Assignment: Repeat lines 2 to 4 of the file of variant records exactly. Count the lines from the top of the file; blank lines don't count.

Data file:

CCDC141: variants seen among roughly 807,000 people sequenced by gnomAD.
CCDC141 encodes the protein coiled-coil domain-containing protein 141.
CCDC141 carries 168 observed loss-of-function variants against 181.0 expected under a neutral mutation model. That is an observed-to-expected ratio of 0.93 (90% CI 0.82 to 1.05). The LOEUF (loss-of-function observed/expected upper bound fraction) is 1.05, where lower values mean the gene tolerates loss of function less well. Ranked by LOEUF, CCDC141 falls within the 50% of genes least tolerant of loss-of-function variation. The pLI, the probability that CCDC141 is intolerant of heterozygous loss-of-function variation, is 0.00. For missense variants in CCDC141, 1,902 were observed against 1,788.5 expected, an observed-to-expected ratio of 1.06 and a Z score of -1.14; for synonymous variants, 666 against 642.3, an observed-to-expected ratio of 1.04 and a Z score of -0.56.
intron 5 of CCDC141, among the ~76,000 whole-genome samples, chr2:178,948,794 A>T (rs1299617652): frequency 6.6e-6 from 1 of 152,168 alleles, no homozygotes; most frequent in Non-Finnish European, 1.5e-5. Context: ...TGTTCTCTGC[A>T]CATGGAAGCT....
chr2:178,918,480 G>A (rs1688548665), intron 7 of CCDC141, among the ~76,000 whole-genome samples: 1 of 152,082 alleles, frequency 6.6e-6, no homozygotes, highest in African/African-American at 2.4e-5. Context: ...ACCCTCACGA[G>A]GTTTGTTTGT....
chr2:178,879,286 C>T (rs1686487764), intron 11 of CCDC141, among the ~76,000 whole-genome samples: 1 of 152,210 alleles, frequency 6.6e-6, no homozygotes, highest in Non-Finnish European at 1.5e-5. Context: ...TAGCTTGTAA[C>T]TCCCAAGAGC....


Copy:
CCDC141 encodes the protein coiled-coil domain-containing protein 141.
CCDC141 carries 168 observed loss-of-function variants against 181.0 expected under a neutral mutation model. That is an observed-to-expected ratio of 0.93 (90% CI 0.82 to 1.05). The LOEUF (loss-of-function observed/expected upper bound fraction) is 1.05, where lower values mean the gene tolerates loss of function less well. Ranked by LOEUF, CCDC141 falls within the 50% of genes least tolerant of loss-of-function variation. The pLI, the probability that CCDC141 is intolerant of heterozygous loss-of-function variation, is 0.00. For missense variants in CCDC141, 1,902 were observed against 1,788.5 expected, an observed-to-expected ratio of 1.06 and a Z score of -1.14; for synonymous variants, 666 against 642.3, an observed-to-expected ratio of 1.04 and a Z score of -0.56.
intron 5 of CCDC141, among the ~76,000 whole-genome samples, chr2:178,948,794 A>T (rs1299617652): frequency 6.6e-6 from 1 of 152,168 alleles, no homozygotes; most frequent in Non-Finnish European, 1.5e-5. Context: ...TGTTCTCTGC[A>T]CATGGAAGCT....